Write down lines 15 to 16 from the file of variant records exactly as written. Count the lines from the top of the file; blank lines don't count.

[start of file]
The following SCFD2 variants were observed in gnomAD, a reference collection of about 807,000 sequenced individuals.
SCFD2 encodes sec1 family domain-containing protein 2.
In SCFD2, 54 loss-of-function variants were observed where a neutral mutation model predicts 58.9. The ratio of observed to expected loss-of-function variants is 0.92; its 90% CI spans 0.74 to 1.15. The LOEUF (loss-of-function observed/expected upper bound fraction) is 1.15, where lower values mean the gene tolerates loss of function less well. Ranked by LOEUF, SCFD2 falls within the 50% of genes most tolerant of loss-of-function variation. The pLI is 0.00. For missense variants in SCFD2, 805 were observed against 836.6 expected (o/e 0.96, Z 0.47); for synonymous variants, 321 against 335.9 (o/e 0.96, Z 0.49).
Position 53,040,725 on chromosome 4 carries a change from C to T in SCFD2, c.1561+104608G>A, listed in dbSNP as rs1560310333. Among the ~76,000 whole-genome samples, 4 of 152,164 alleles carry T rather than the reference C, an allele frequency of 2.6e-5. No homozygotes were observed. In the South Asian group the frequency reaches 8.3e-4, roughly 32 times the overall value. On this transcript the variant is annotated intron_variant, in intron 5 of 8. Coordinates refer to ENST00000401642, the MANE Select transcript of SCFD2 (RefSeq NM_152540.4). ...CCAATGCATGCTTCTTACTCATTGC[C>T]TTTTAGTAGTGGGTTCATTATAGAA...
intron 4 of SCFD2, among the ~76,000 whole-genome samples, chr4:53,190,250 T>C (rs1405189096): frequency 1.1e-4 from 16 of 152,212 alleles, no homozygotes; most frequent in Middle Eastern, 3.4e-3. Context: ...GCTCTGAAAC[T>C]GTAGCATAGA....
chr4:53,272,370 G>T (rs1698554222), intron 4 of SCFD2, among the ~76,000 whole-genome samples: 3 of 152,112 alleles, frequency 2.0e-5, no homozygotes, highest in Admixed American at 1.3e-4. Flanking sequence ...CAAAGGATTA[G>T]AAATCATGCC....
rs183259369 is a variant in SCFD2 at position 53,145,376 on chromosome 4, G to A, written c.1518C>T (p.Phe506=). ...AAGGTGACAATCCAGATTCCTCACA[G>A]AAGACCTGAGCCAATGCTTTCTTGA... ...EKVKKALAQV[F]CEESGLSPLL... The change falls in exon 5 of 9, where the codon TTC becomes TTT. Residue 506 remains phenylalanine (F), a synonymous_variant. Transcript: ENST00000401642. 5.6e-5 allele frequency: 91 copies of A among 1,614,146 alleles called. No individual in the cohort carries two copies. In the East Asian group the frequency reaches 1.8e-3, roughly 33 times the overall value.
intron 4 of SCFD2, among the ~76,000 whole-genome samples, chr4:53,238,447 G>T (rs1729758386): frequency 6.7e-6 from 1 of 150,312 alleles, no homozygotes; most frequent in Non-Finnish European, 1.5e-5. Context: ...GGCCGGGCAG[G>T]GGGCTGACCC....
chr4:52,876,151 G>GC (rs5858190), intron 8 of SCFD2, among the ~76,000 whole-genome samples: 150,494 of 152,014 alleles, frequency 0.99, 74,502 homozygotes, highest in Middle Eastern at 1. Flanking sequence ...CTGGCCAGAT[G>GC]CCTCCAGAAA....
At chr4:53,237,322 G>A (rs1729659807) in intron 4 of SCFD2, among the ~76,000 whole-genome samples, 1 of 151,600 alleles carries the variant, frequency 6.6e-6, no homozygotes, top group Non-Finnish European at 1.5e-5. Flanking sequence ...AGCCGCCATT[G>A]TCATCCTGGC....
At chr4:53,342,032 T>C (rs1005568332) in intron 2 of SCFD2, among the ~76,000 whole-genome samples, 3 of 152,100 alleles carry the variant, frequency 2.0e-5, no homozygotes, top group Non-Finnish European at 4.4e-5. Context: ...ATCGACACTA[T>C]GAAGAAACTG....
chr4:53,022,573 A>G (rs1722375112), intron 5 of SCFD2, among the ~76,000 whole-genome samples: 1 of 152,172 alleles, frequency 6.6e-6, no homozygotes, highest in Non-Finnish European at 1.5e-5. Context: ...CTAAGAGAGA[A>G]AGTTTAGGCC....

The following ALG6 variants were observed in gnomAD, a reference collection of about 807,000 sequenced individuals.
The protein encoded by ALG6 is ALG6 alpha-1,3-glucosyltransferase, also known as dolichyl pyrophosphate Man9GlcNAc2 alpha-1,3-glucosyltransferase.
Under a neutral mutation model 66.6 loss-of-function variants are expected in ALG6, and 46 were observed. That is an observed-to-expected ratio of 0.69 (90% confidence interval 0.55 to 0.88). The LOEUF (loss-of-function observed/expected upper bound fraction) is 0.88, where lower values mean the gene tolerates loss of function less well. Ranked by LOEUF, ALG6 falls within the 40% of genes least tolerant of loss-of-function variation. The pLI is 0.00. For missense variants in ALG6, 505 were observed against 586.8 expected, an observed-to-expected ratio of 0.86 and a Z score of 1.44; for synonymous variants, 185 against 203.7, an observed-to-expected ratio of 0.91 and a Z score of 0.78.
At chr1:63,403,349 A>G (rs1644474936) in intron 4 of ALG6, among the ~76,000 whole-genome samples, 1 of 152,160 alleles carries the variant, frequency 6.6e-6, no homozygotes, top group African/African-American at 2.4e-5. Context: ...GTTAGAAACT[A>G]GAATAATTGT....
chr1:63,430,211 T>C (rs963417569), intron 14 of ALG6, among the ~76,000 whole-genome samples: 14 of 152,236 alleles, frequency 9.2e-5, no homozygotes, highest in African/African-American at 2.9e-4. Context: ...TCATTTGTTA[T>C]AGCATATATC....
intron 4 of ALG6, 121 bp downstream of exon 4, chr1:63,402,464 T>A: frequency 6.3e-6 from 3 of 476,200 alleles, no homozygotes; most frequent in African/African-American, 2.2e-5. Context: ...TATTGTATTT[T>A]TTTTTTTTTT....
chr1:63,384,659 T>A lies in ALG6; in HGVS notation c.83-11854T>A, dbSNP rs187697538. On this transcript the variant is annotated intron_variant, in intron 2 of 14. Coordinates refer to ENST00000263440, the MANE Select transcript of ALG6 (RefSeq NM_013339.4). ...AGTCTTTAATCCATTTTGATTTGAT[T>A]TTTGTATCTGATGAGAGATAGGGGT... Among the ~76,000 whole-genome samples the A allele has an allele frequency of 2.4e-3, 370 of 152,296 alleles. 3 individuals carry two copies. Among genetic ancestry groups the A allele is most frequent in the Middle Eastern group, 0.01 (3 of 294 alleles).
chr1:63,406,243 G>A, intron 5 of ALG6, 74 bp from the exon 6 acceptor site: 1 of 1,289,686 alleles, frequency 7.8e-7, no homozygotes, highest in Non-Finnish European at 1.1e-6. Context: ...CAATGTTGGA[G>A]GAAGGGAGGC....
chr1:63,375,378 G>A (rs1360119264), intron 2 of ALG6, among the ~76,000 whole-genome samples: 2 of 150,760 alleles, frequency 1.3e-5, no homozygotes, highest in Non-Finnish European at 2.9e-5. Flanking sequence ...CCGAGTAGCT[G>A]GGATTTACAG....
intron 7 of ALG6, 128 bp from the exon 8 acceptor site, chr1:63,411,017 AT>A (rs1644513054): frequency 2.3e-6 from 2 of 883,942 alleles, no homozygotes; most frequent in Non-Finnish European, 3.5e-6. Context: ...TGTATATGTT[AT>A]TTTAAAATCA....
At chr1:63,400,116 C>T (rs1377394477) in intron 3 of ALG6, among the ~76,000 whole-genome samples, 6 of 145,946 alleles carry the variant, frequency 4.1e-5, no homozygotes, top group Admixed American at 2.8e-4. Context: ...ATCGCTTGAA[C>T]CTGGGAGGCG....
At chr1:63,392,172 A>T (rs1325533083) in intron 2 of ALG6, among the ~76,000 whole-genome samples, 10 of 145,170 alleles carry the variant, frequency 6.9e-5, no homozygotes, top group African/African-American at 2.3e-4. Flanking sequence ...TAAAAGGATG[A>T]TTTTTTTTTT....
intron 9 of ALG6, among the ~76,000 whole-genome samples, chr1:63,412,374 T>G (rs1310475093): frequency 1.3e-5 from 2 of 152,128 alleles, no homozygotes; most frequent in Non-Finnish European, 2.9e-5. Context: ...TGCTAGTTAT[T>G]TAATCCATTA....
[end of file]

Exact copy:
Under a neutral mutation model 66.6 loss-of-function variants are expected in ALG6, and 46 were observed. That is an observed-to-expected ratio of 0.69 (90% confidence interval 0.55 to 0.88). The LOEUF (loss-of-function observed/expected upper bound fraction) is 0.88, where lower values mean the gene tolerates loss of function less well. Ranked by LOEUF, ALG6 falls within the 40% of genes least tolerant of loss-of-function variation. The pLI is 0.00. For missense variants in ALG6, 505 were observed against 586.8 expected, an observed-to-expected ratio of 0.86 and a Z score of 1.44; for synonymous variants, 185 against 203.7, an observed-to-expected ratio of 0.91 and a Z score of 0.78.
At chr1:63,403,349 A>G (rs1644474936) in intron 4 of ALG6, among the ~76,000 whole-genome samples, 1 of 152,160 alleles carries the variant, frequency 6.6e-6, no homozygotes, top group African/African-American at 2.4e-5. Context: ...GTTAGAAACT[A>G]GAATAATTGT....